In addition to training employees, stakeholders, and students, there are also suggestions for increasing signage and tracking the success of your other policies. Before this comprehensive review, Boston had already implemented a number of changes to try to reduce waste. One such example is the city’s plastic bag ordinance, which came into effect in December of 2018.
This directive banned shops from stocking single-use plastic bags with handles. Instead, any grocery bags offered now have to be either reusable, recyclable paper bags, or compostable bags. What’s more, any handled bag must cost a minimum of 5 cents to customers. While it might seem like a small step, it’s tackling a huge problem with Americans using around 100 billion plastic bags a year.
However, not all waste reduction is top-down, and while the recommendations of the City of Boston are extremely useful to try to tackle the problem of waste across general businesses, there have also been many private initiatives with zero waste as a founding principle.
Private Initiatives for a Zero-Waste Boston
One of the first zero-waste grocery stores in Boston, Cleenland, is primarily a bring-your-own container store. It focuses on reduced (or no) packaging and buying in bulk, which are two key principles of going zero waste. Customers bring their containers, or purchase one at the store, weigh them empty, fill them up, and pay the difference.
Another retailer pushing zero waste into the mainstream is Boston General Store, which has a focus on non-disposable, long-lasting, and high-quality goods. This includes consumables that can be purchased in bulk such as shampoo, conditioner, laundry soap, dish soap, deodorant, and more, as well as a heavier emphasis on zero-waste accessories and gear.
Originally a brick-and-mortar shop in Somerville, Make & Mend is now entirely online, but still stands as an incredibly unique zero-waste project in Boston by recycling and reusing art and craft supplies. Founded in 2017, its goal is to make art supplies more accessible to the community and in the process reduce the amount of waste in art as well as promoting the need to repair rather than replace.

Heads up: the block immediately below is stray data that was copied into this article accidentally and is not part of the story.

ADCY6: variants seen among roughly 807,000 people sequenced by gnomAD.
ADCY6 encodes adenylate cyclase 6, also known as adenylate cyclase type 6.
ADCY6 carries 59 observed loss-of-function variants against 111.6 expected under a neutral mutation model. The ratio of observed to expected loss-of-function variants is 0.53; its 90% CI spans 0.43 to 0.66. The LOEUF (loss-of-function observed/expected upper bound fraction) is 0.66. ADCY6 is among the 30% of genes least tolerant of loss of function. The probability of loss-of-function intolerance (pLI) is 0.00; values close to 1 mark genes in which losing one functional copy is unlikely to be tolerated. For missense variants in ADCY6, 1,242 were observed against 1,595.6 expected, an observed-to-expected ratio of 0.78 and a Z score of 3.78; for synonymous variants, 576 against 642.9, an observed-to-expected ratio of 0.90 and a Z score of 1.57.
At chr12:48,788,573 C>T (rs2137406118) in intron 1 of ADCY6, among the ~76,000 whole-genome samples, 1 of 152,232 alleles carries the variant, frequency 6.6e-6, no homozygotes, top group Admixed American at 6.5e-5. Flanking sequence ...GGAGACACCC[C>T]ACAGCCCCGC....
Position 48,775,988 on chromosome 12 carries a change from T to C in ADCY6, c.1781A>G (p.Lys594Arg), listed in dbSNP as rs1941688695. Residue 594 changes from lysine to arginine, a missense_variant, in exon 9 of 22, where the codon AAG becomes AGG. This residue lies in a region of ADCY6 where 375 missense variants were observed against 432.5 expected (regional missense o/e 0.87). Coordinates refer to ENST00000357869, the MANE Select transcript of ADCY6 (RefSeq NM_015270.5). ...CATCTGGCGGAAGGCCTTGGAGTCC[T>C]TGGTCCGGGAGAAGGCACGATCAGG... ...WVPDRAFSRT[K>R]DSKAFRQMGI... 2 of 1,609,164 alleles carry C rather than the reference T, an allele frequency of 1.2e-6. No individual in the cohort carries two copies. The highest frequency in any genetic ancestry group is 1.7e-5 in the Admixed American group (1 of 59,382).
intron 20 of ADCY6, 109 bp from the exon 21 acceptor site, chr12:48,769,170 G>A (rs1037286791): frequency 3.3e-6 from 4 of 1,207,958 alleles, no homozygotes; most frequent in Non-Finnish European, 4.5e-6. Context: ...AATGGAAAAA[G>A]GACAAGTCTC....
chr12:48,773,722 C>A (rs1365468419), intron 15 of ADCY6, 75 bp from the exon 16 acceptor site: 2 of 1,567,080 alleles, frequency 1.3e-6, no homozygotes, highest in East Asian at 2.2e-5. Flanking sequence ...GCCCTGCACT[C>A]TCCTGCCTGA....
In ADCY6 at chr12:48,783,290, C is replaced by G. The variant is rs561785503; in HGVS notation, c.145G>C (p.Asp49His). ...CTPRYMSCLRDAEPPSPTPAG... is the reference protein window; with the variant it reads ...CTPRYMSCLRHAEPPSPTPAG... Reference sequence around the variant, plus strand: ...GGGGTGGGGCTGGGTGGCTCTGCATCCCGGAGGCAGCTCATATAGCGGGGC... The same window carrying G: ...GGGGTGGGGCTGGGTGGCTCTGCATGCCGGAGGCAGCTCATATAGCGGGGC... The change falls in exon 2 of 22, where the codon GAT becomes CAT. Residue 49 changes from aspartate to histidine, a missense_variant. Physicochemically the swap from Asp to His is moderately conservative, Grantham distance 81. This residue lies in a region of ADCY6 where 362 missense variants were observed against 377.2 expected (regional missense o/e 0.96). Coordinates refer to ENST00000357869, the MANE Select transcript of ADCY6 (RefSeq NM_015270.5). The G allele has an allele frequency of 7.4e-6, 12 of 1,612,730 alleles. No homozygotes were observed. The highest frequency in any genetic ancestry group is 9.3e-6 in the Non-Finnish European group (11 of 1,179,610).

Communities Pushing for Zero Waste in Boston
In addition to government initiatives and commercial ventures, there are also numerous community groups fighting for a greener, cleaner, zero-waste Boston. One notable body is the Boston Area Sustainability Group which describes itself as a “robust community of subject matter experts equipped to collectively drive sustainability forward.”
They organize events with a scope much broader than zero waste initiatives, and with membership in the thousands, the organization is making strides towards a more sustainable Boston in general.
The Zero Waste Project by the Conservation Law Foundation, based out of Boston, aims to “protect Massachusetts communities from the dangers posed by unsustainable waste management practices.” They do so by raising awareness around the dangers and impact of waste and advocating for a shift to a zero-waste model in Boston, Massachusetts, and eventually all of New England.
One joint venture — a community initiative that is part of the broader Zero Waste Boston project — is Greenovate, which empowers Bostonians to carry out the city’s climate action plan in their neighborhoods and communities.
This program includes urban wild cleanups and street cleanups as well as an in-depth guide for residents to reduce their contribution to climate change.
This final project represents a step towards the broader shift needed to make a truly zero-waste Boston, where governmental initiatives, private ventures, and community-driven projects come together to tackle the problem that is both caused by and affects all of them.